Who made the law?

'lesleyb' lesleyb at herlug.org.uk
Fri Aug 31 15:20:39 BST 2012

On Fri, Aug 31, 2012 at 12:55:44PM +0100, Pedro Figueiredo wrote:
> On 31 Aug 2012, at 11:54, Mark Fowler wrote:
> > Q. Do people really need to be told this?
> > 
> > The vast majority of people don't.  However, the two groups of people that do are:
> > 
> > a) People who are worried that they might be victims of harassment.  They need to be reassured - especially when they've only just joined the community and haven't had time to completely integrate and have full knowledge of it - that harassment won't be tolerated and they need to know the procedure to follow if they do have any problem.
> Exactly. As for b) I don't have any sympathy for people who are kicked out and then go "oooh, no one told me about the rules" - there shouldn't be any rules telling you how to be a decent person, jerk. Note I have no idea about what happened yesterday on IRC, and that's not what I'm going on about here.
> >From a non-ex-leader and mostly lurker, I think Mark's proposed Code of Conduct is excellent.
> See also
> http://geekfeminism.wikia.com/wiki/Conference_anti-harassment
> https://adainitiative.org/2012/08/defcon-why-conference-harassment-matters/

Thanks for posting those links Pedro.
I believe Debian has also implemented a similar code of conduct - particularly
for conferences.  

I support the proposal that london.pm have a reasonable Code of Conduct.  

1. I believe it *is* reasonable to expect a level of reasonable behaviour, for some
values of reasonable, level and behaviour within the Perl community.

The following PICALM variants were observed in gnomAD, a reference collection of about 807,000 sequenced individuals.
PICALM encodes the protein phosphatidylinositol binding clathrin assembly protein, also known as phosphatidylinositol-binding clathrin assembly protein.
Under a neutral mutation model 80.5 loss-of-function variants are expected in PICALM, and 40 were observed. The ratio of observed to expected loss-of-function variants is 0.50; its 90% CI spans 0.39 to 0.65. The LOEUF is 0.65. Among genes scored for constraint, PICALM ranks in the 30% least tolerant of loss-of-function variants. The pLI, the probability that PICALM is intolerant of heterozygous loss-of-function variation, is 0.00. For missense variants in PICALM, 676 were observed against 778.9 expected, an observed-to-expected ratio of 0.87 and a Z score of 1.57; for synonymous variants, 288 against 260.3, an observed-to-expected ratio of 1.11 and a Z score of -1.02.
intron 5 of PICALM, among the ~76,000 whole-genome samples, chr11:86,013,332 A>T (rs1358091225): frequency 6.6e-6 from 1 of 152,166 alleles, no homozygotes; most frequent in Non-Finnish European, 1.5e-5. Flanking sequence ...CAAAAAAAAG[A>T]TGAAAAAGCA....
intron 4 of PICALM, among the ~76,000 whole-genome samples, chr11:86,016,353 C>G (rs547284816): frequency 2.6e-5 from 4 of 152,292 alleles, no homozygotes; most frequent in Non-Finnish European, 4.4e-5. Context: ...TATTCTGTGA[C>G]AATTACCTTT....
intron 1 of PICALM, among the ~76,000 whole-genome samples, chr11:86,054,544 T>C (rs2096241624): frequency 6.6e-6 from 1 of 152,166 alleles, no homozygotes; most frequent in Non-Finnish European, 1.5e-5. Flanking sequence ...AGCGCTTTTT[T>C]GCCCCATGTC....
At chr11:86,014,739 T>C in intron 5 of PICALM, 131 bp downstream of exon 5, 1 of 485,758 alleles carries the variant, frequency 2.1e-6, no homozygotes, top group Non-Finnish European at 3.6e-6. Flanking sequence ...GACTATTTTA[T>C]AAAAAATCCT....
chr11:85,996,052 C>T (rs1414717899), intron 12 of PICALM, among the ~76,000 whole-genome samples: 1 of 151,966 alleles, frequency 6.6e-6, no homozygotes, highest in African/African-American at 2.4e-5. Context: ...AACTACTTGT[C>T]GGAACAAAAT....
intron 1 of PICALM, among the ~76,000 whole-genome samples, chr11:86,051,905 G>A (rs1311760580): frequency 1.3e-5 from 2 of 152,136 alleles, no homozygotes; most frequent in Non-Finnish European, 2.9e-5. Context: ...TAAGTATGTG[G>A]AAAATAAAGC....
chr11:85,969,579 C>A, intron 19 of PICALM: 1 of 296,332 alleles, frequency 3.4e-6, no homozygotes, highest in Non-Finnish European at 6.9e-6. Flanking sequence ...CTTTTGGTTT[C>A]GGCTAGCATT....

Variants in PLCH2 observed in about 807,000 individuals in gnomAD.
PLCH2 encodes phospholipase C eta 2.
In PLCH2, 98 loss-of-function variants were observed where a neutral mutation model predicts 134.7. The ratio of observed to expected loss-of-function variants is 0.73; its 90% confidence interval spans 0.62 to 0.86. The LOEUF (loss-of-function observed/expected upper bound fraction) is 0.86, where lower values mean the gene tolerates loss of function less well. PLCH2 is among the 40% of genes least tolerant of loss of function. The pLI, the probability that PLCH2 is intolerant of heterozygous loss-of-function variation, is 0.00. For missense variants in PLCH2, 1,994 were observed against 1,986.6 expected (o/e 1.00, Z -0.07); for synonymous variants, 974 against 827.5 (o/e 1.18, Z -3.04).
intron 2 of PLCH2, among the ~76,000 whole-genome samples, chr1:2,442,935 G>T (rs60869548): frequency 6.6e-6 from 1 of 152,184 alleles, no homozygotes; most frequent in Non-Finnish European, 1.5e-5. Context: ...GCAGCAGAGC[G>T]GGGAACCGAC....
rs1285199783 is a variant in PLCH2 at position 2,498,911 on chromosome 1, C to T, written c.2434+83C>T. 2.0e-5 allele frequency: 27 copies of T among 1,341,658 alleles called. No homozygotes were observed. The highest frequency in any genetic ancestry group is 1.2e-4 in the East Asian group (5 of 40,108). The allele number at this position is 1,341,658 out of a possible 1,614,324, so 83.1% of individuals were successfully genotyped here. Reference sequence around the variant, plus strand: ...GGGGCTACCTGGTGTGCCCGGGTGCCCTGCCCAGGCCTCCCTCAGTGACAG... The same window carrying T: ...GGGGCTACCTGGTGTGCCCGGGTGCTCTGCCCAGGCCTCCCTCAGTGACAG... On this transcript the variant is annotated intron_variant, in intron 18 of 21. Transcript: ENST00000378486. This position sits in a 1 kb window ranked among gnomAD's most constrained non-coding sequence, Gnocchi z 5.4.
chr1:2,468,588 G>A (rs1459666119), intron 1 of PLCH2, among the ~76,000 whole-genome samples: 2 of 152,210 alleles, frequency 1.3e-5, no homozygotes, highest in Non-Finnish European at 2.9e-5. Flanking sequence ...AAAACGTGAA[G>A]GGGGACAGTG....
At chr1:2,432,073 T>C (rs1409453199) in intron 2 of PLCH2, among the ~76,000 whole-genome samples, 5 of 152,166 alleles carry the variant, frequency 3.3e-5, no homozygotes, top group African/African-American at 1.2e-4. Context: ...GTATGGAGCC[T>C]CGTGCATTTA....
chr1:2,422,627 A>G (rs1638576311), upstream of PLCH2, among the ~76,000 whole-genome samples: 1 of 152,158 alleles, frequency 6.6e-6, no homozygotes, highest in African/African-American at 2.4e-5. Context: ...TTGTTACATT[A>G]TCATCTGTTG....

2. As was said by an earlier poster, a code of conduct is something that says - if
you are getting some kind of harassment or discrimination there are people to talk
to and let them know. The code of conduct implies any such matters will at
least be heard, and may be acted upon in a prescribed manner.   Plaintiff and
defendant know what to expect. 

3. I haven't seen the logs for the event that sparked this conversation, but
someone coming into channel and encountering the drivel that can exist on IRC,
will go away with a particular view of that channel which, in the case of a
Perl channel, might reflect on the whole Perl community. 

4. The rule of benevolent dictatorship did win out.
A benevolent dictator decided to kick someone for whatever reason, - no
dictator need declare that - and then someone questioned said dictator and
then got kicked themselves.  In a dictatorship, this is a surprise how exactly?

5. I'm not overly fond of dictators, unless they are *spectacularly* benevolent
or they are me.

Kind Regards


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